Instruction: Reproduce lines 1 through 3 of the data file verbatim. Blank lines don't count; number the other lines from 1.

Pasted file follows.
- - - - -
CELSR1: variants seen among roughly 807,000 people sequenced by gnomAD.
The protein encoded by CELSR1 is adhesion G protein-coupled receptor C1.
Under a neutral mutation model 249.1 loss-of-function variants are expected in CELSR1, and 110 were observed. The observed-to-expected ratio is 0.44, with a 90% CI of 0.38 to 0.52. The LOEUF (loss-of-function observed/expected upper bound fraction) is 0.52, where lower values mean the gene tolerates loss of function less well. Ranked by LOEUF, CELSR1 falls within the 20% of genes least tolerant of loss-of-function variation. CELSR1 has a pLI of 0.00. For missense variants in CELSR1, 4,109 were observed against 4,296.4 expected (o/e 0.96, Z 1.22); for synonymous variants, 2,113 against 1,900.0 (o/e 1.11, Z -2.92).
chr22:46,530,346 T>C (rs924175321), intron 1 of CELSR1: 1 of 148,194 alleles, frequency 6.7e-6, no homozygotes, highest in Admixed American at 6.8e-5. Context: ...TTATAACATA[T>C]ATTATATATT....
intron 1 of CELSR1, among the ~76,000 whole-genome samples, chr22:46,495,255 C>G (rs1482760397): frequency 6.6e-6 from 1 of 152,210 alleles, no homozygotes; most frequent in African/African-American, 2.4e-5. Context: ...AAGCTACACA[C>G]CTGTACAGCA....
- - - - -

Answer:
CELSR1: variants seen among roughly 807,000 people sequenced by gnomAD.
The protein encoded by CELSR1 is adhesion G protein-coupled receptor C1.
Under a neutral mutation model 249.1 loss-of-function variants are expected in CELSR1, and 110 were observed. The observed-to-expected ratio is 0.44, with a 90% CI of 0.38 to 0.52. The LOEUF (loss-of-function observed/expected upper bound fraction) is 0.52, where lower values mean the gene tolerates loss of function less well. Ranked by LOEUF, CELSR1 falls within the 20% of genes least tolerant of loss-of-function variation. CELSR1 has a pLI of 0.00. For missense variants in CELSR1, 4,109 were observed against 4,296.4 expected (o/e 0.96, Z 1.22); for synonymous variants, 2,113 against 1,900.0 (o/e 1.11, Z -2.92).